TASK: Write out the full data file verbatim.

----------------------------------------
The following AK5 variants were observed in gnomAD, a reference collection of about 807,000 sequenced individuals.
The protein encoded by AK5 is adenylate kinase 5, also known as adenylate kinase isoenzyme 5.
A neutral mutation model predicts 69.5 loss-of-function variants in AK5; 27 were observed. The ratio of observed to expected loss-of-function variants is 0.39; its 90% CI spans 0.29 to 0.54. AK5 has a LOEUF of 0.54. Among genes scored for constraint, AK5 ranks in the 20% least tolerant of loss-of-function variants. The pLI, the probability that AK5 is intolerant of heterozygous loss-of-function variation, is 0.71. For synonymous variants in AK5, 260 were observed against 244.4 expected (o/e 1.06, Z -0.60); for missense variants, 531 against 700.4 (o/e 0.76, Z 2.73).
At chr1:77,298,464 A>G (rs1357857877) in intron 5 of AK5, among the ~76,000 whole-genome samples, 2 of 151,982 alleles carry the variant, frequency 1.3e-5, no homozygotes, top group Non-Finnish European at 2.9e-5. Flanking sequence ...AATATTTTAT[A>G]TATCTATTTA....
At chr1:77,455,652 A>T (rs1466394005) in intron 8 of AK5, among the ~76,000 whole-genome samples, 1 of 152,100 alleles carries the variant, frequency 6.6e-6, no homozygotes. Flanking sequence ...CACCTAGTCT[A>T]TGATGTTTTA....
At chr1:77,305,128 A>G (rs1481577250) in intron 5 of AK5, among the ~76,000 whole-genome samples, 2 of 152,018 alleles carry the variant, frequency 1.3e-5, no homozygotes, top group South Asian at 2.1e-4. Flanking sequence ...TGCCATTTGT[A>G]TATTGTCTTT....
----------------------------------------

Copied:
The following AK5 variants were observed in gnomAD, a reference collection of about 807,000 sequenced individuals.
The protein encoded by AK5 is adenylate kinase 5, also known as adenylate kinase isoenzyme 5.
A neutral mutation model predicts 69.5 loss-of-function variants in AK5; 27 were observed. The ratio of observed to expected loss-of-function variants is 0.39; its 90% CI spans 0.29 to 0.54. AK5 has a LOEUF of 0.54. Among genes scored for constraint, AK5 ranks in the 20% least tolerant of loss-of-function variants. The pLI, the probability that AK5 is intolerant of heterozygous loss-of-function variation, is 0.71. For synonymous variants in AK5, 260 were observed against 244.4 expected (o/e 1.06, Z -0.60); for missense variants, 531 against 700.4 (o/e 0.76, Z 2.73).
At chr1:77,298,464 A>G (rs1357857877) in intron 5 of AK5, among the ~76,000 whole-genome samples, 2 of 151,982 alleles carry the variant, frequency 1.3e-5, no homozygotes, top group Non-Finnish European at 2.9e-5. Flanking sequence ...AATATTTTAT[A>G]TATCTATTTA....
At chr1:77,455,652 A>T (rs1466394005) in intron 8 of AK5, among the ~76,000 whole-genome samples, 1 of 152,100 alleles carries the variant, frequency 6.6e-6, no homozygotes. Flanking sequence ...CACCTAGTCT[A>T]TGATGTTTTA....
At chr1:77,305,128 A>G (rs1481577250) in intron 5 of AK5, among the ~76,000 whole-genome samples, 2 of 152,018 alleles carry the variant, frequency 1.3e-5, no homozygotes, top group South Asian at 2.1e-4. Flanking sequence ...TGCCATTTGT[A>G]TATTGTCTTT....